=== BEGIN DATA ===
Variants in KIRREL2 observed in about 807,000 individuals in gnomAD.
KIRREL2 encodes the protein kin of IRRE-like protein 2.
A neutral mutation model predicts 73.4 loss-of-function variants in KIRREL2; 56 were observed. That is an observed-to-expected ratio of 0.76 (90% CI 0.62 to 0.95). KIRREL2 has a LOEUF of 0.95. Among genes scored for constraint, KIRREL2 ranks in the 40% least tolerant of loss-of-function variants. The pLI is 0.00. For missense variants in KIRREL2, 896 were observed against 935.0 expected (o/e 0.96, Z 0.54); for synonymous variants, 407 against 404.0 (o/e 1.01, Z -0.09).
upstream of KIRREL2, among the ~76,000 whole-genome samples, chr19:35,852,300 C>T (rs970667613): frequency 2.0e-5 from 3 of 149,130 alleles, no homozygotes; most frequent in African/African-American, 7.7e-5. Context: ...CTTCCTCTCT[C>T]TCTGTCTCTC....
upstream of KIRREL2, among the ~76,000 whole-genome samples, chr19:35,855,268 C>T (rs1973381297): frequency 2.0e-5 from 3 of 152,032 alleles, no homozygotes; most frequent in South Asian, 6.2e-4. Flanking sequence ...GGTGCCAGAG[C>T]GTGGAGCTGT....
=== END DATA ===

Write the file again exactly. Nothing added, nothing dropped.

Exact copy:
Variants in KIRREL2 observed in about 807,000 individuals in gnomAD.
KIRREL2 encodes the protein kin of IRRE-like protein 2.
A neutral mutation model predicts 73.4 loss-of-function variants in KIRREL2; 56 were observed. That is an observed-to-expected ratio of 0.76 (90% CI 0.62 to 0.95). KIRREL2 has a LOEUF of 0.95. Among genes scored for constraint, KIRREL2 ranks in the 40% least tolerant of loss-of-function variants. The pLI is 0.00. For missense variants in KIRREL2, 896 were observed against 935.0 expected (o/e 0.96, Z 0.54); for synonymous variants, 407 against 404.0 (o/e 1.01, Z -0.09).
upstream of KIRREL2, among the ~76,000 whole-genome samples, chr19:35,852,300 C>T (rs970667613): frequency 2.0e-5 from 3 of 149,130 alleles, no homozygotes; most frequent in African/African-American, 7.7e-5. Context: ...CTTCCTCTCT[C>T]TCTGTCTCTC....
upstream of KIRREL2, among the ~76,000 whole-genome samples, chr19:35,855,268 C>T (rs1973381297): frequency 2.0e-5 from 3 of 152,032 alleles, no homozygotes; most frequent in South Asian, 6.2e-4. Flanking sequence ...GGTGCCAGAG[C>T]GTGGAGCTGT....